Men of the Corn

The Cedar Rapids Kernels are on yet another winning streak, winning their eighth straight last night.

The Kernels won thirteen straight between May 22 and June 4, finished the first half with a 40-30 record, and clinched a post-season berth by finishing second, one game out of first, in the Midwest League’s Western Division in the first half.

Overlooked during all their success is the absence of one very big bat. 3B Luis Jimenez, known as “Lucho” to Orem fans last year, has been at Tempe on rehab all summer after a right shoulder injury. Jimenez hit fifteen homers for the Owlz last year in a half-season, the most in the Pioneer League.

OF Roberto Lopez, the 2008 Pioneer League MVP who hit .400, arrived a month late from extended spring training after recovering from minor injuries. Lopez got off to a bit of a slow start, although his AVG/OBP/SLG are now .262/.383/.417, acceptable numbers in the pitcher-friendly Midwest League. His SO:BB ratio is 33:32 in 206 at-bats, which fits in nicely with the Angels’ Contactball style of play.

There are many success stories on this roster, but the Kernels’ starting pitching is the dominant force for their success. The team ERA is 3.30, #2 behind Clinton (3.16). Manaurys Correa (97.1) and Manuel Flores (93.1) lead the league in innings pitched, yet they don’t get as much publicity with the top prospect analysts as do Will Smith, Ryan Chaffee and Tyler Chatwood.

A popular stat among the sabermetric crowd is WHIP — (Walks + Hits)/(Innings Pitched). Here are the WHIPs for the Kernels’ starting rotation:

  • Ryan Chaffee 1.03
  • Tyler Chatwood 1.40
  • Manaurys Correa 1.19
  • Manuel Flores 1.22
  • Will Smith 1.10

There are sixteen teams in the Midwest League, so I don’t have time to crunch the numbers, but if there’s another team in that league with five better starters than the Kernels I’d be surprised.

Smith and Chaffee were on the 2008 FutureAngels.com Top 10 Prospects report. I took a lot of grief last November for ranking them — Smith was #1 and Chaffee was #6 — but it would be hard to argue that now with their outstanding numbers.

I’ve been wrestling in my mind with a question I can’t answer, so feel free to post your opinion. Here goes: if you had one game on the line for the Midwest League title, who would you want on the mound — the 6’6″ lefty Smith or the deceptive righty Chaffee? Both are bulldogs on the mound.

Each day when I update the FutureAngels.com home page, I read online both the local papers for our affiliates and those of our opponents, so I can get a flavor for what everyone in the league thinks of our players. I’ve seen plenty of comments that validate what I wrote in November. Opposition managers have complimented Smith for how he changes speeds on his fastball. Chaffee was described by one writer as “the man of a thousand deliveries” because he can throw his repertoire from three different release points.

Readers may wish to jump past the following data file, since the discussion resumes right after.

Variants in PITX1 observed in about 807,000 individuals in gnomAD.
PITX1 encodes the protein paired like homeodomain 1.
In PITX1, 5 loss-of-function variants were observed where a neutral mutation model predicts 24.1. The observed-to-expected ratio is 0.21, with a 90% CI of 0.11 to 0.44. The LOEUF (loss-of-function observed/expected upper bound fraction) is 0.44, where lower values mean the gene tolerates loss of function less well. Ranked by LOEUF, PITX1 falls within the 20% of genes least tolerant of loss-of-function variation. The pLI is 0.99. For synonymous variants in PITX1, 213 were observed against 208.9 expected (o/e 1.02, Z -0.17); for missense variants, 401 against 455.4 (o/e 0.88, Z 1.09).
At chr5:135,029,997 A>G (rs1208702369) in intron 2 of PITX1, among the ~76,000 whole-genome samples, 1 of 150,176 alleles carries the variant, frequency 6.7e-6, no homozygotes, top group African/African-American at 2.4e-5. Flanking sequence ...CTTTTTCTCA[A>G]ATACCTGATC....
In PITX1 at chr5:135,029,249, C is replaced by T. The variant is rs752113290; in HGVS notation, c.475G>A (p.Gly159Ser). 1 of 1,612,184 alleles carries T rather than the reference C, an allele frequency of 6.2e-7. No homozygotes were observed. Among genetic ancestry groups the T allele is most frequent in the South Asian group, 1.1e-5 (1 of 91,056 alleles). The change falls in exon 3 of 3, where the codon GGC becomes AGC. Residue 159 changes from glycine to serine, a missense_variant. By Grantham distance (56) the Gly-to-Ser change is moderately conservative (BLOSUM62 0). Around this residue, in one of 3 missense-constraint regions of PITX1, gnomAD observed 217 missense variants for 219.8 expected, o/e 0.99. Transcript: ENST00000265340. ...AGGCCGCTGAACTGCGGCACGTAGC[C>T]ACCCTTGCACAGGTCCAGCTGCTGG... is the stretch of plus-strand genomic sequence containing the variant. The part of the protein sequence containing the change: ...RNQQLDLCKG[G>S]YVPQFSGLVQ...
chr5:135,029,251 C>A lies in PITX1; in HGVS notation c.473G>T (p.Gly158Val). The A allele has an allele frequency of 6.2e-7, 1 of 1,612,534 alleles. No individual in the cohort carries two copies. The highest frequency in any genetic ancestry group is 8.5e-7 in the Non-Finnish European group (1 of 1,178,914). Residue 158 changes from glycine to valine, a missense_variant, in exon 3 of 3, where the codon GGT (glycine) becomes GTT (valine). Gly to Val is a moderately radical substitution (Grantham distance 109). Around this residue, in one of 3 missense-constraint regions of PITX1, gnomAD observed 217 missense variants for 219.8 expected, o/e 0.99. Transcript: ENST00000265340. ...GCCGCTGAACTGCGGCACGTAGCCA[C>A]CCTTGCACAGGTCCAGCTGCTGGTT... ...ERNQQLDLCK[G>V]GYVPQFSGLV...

Let’s also praise Bill Mosiello, who right now appears to be the hands-down favorite for Angels’ minor league manager of the year. Mosiello wasn’t even supposed to be the manager. 2008 manager Keith Johnson was supposed to return. But when longtime field coordinator Bruce Hines left to join Don Wakamatsu on the Seattle Mariners’ coaching staff, a domino effect rippled through the system. Johnson moved up to Rancho Cucamonga, and Mosiello was hired on January 29. He was assistant baseball coach at the University of Southern California when the Angels hired him.

As of this writing, the Kernels are 50-32, a .610 winning percentage which if it holds would be the best by far since Cedar Rapids became an Angels affiliate in 1993. The best record during the Angels era was .583 in 2002, a team whose roster was largely comprised of all the talent reaped during the 2001 draft. Casey Kotchman, Jeff Mathis, Dallas McPherson, Mike Napoli, Nick Gorneault, Tommy Murphy, Ervin Santana, Jake Woods, Steven Shell, Joel Peralta and Steve Andrade were all part of that team, with a late-season token appearance by Joe Saunders.

The last team to top .610 was the 1990 Cedar Rapids Reds. They finished 88-46 (.657).

A few years ago, some in Cedar Rapids argued that the team should dump the Angels as a parent club because they’d gone through a series of losing seasons. But the 2007 and 2008 teams went to the post-season, and the 2009 edition has already clinched a post-season appearance. Despite claims by some pundits that the Angels’ farm system is in decline, all they need to do is look at what’s happening in Cedar Rapids. The Angels’ future is on its way.

1 Comment

There are 14 teams in the MWL, not 16. You’re a year early on that front.

And, unlike the 2002 Kernels, this squad doesn’t have many legitimate prospects beyond the pitchers mentioned. It is a collection of older undrafted free agents and good organizational depth, the kind of team that does well at the A-ball level especially with solid pitching behind it. Most scouts that have visited Cedar Rapids in recent weeks have left unimpressed, and that’s straight from their mouths.

You continue to attack people and organizations for saying the Angels organization is tailing off but you are blind to the reality of the situation. Arkansas and Rancho are abysmal and Cedar Rapids is overachieving big-time.

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